Immigration advocates have long argued that gender violence ought to qualify victims for asylum. But many say their efforts in the U.S. will be hampered by the Trump administration's policies, reports the Guardian.
More than 30,000 people have disappeared in Mexico, many in relation to drug violence, according to the National Human Rights Commission, reports Reuters.
Over half of the acts of aggression against journalists in Mexico last year were committed by government officials, watchdog Article 19 told EFE.
Ecuador's president-elect Lenín Moreno will be the only world leader who uses a wheelchair to move around. Already during his period as vice-president he was a fierce defendant of disability rights. Moreno spearheaded efforts to improve life for Ecuadoreans and to make the country a hospitable tourist destination for people with physical disabilities, notes a New York Times editorial observer piece. Ecuador's new Constitution in 2008 guaranteed substantial rights for people with disabilities, and that year the country Ecuador became the 20th country to ratify the United Nations’ disability rights convention, pushing the pact past the threshold needed to go into effect.
Nearly 80 U.S. legislators sent a letter to Secretary of State Rex Tillerson expressing concern faced by environmental activists in Honduras, reports Common Dreams.
Public protests in support of the ever-widening corruption investigation in Brazil, dubbed Operation Car Wash and involving apparently everybody who is anybody in politics, are waning. The Christian Science Monitor analyzes the impact of "scandal fatigue" on a Latin American public excited about crackdowns, but potentially tired of their slow rate of returns. High profile cases have brought an expectation of change, with the flip side of apathy as more and more corruption is unearthed, according to Christopher Sabatini, cited in the piece.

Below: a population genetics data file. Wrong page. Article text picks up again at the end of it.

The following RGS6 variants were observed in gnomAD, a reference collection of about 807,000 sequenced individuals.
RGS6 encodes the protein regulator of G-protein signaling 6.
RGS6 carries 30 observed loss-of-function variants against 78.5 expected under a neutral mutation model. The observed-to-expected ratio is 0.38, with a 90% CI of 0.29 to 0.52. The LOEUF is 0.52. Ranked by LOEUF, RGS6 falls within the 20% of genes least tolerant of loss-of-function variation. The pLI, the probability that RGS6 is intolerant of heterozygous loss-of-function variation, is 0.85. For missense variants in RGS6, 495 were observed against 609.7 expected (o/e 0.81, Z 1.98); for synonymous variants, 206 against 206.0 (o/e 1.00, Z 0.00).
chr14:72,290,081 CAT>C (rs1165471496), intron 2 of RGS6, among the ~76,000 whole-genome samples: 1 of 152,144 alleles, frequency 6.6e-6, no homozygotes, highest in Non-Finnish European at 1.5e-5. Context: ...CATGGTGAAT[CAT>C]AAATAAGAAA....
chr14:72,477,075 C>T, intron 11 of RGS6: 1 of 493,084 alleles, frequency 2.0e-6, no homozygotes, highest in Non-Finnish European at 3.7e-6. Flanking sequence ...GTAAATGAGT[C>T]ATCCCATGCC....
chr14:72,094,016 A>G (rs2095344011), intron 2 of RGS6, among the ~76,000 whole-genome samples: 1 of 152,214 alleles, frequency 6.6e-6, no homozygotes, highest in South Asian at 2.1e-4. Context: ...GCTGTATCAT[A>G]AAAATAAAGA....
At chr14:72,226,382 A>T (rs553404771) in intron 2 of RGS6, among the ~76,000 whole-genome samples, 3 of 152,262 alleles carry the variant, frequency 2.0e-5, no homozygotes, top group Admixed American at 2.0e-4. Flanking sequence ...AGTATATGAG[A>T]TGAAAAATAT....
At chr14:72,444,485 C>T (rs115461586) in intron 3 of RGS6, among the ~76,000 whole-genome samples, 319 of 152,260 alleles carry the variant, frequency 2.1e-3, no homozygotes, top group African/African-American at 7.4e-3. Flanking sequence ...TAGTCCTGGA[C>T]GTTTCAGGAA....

Former Chilean President Ricardo Lagos is pulling out of the running for November's presidential election, after the Socialist Party decided to endorse independent Senator Alejandro Guillier this weekend, reports EFE.
Activists in French Guiana aim to totally shut down the country in support of demands for investment from France, reports France 24.
In a New York Times Español op-ed, Ariel Dorfman laments the world's vulnerability to climate change -- looking at recent examples in Chile ranging from forest fires to red tides to poisonous jellyfish -- and lamenting that environmental issues are coming to a head just as the U.S. president is hell bent on denying there's a problem.
Seven construction workers were killed and 10 people injured when a partially constructed parking lot collapsed in Mexico City yesterday, reports the BBC.
A proposed international lawsuit challenging the 1848 Treaty of Guadalupe Hidalgo -- in which Mexico was forced to accept U.S. annexation of Texas -- will likely not hold much legal water. But the effort, coming from Mexico's left, could become a rallying point understand the long history of U.S. rapacity towards Mexico, argues Enrique Krauze in a New York Times op-ed from last week.